Right now that's almost impossible in the U.S. But if the rules for the upcoming, which is being vacated by analog TV, are written in a way that encourages what's being called "open access," the wireless market could evolve into a network as open and thriving with innovation as the Internet itself. The date for the auction hasn't been finalized yet, but it's expected to take place in January 2008.
"The wireless industry is stuck in 1994," said Amol Sarva, a co-founder of Virgin Mobile USA and chief executive of Txtbl. "Back then, AOL controlled how people surfed the Internet and what content they could access. And that's what the current wireless market is like today under the control of mobile operators."
The problem is simple. Today most of the 220 million American cell phone users are. In some cases, mobile operators are actually turning off features or disabling applications so consumers cannot access them.
For example, some phone manufacturers have disabled Wi-Fi radios at the request of operators to ensure that people don't circumvent the carrier's network and use their home Wi-Fi connection or public hot spots for access to the Internet. The peer-to-peer application Skype, which allows people to make free and low-cost phone calls using an IP connection, is also banned by U.S. operators.
Some providers have opened their networks to a certain degree. T-Mobile USA, the smallest of the four major operators, has just launched a service that allows people to. T-Mobile and AT&T also allow more third-party applications on their phones. And the phones, because they are GSM, can often be "unlocked."
Verizon Wireless, on the other hand, is the strictest of the major carriers in terms of the devices used on its network and the applications allowed on its phones. For example, many Verizon Wireless customers complain that the company blocks the use of Bluetooth-enabled applications other than headsets.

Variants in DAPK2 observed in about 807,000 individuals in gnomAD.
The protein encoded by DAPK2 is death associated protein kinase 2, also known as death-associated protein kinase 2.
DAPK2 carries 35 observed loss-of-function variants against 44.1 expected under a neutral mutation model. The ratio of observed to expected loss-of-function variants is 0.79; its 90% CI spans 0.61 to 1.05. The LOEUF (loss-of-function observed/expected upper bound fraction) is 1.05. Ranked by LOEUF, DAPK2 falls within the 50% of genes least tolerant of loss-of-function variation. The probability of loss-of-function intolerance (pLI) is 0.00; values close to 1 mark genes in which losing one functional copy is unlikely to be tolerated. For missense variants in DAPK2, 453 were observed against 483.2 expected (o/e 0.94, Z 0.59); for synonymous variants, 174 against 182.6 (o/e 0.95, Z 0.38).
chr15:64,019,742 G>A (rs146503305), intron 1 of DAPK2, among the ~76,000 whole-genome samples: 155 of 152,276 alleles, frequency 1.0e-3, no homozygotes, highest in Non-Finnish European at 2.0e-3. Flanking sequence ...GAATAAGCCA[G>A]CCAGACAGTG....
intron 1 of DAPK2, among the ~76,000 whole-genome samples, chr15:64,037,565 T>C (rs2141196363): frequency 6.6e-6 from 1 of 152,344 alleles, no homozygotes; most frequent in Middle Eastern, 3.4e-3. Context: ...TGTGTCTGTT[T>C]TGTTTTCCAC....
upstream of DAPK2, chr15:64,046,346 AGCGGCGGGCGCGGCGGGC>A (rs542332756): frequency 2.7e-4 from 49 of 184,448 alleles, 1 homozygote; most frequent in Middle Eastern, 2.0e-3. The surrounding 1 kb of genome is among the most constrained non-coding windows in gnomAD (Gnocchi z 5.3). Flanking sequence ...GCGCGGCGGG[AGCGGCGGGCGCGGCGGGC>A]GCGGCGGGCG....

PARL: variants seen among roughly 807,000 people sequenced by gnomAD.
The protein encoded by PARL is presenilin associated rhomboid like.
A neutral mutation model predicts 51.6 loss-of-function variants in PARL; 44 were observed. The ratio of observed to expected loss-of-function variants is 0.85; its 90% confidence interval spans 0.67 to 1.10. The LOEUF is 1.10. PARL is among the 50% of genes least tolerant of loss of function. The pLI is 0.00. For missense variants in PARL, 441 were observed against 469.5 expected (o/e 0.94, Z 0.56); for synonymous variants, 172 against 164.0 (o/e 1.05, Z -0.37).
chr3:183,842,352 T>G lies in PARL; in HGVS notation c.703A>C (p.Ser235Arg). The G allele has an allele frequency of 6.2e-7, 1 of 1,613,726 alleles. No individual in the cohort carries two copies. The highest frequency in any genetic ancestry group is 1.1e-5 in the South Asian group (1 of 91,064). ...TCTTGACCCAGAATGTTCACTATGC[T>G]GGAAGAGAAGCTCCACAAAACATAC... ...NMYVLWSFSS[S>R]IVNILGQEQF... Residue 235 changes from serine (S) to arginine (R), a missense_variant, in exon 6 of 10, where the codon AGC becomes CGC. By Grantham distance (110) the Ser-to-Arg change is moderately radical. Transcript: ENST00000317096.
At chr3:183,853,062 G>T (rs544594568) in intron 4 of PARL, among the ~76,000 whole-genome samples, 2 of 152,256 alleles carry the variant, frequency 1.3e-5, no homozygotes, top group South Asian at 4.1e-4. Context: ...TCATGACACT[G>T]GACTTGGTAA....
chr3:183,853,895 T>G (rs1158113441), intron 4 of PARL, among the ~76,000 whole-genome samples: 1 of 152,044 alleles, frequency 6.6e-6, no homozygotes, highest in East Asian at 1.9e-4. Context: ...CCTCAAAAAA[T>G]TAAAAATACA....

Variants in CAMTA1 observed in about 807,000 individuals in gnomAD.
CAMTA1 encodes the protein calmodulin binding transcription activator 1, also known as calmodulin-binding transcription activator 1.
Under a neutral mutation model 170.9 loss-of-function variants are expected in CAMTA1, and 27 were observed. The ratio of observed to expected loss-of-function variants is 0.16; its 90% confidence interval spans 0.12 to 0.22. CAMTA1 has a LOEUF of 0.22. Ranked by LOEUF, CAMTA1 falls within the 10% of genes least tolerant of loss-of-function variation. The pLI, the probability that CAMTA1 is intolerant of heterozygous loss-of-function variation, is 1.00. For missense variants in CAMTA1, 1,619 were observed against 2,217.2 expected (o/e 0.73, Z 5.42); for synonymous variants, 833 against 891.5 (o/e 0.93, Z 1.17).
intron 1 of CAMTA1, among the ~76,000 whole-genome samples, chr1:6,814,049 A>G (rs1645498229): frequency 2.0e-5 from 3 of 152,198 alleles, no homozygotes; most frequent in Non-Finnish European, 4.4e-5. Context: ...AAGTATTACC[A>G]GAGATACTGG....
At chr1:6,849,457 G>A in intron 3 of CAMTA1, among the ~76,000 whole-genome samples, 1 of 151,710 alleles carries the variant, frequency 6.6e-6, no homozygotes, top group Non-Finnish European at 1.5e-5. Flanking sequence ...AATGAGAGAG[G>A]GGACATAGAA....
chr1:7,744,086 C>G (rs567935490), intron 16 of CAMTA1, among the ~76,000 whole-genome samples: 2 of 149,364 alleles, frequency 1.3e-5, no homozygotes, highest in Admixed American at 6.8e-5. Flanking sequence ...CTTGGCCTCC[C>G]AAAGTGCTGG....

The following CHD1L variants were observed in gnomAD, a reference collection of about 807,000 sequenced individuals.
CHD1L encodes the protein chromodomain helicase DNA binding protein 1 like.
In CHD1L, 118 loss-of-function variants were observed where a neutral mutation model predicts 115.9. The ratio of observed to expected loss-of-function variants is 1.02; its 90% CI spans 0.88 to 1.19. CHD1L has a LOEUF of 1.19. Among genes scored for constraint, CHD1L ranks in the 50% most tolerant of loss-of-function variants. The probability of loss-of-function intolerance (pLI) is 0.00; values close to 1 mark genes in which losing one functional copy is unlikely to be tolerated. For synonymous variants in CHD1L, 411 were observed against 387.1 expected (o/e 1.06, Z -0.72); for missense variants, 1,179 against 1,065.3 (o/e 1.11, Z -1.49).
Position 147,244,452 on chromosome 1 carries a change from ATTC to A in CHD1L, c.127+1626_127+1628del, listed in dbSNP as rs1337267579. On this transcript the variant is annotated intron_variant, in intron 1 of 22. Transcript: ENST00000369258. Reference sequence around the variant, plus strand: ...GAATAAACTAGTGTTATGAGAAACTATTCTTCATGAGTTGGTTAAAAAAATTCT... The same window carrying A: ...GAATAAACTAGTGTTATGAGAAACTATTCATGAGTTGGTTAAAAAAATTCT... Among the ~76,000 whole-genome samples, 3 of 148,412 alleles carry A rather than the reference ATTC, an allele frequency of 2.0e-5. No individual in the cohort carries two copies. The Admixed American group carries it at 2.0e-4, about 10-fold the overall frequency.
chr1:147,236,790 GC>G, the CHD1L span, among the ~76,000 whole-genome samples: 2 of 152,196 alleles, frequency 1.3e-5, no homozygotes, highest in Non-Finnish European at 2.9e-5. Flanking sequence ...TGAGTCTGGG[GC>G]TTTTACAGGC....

The situation is quite different in other parts of the world, such as Europe, where consumers are able to buy unlocked phones that they can load with applications from a variety of developers.
And because the devices aren't connected to any one operator, consumers are free to take their device with them when they switch carriers. In the U.S., most cell phones are "locked," which means that when American consumers switch cell phone providers, they must get a new phone.
"Imagine buying a television that stopped working if you decide to switch to satellite," Tim Wu, a professor from Columbia Law School, told lawmakers last Tuesday at a that examined wireless innovation and consumer protection. "Or a toaster that died if you switched from Potomac Power to Con Ed. You'd be outraged, for when you buy something that usually means you own it. But it's not quite so when it comes to wireless devices."
As an example, Wu said that Apple's $600 iPhone, which can only be used on AT&T's network, becomes an expensive paperweight if the consumer decides to leave the AT&T network.
Steven Zipperstein, vice president of legal affairs at Verizon Wireless, said in his testimony last week that Verizon limits the devices and applications that can be used on the network to protect consumers and its network resources. He also said Verizon works with subscribers who want to use non-Verizon approved devices on their network.
"Consumers want their wireless carriers to offer a secure, high-quality experience and to ensure reliable voice and data service free from viruses and other threats," he said. "But the experience is built on the carriers' ability to manage their networks for the benefit of all their customers. Spectrum is a finite resource that must be managed efficiently for the benefit of all network users."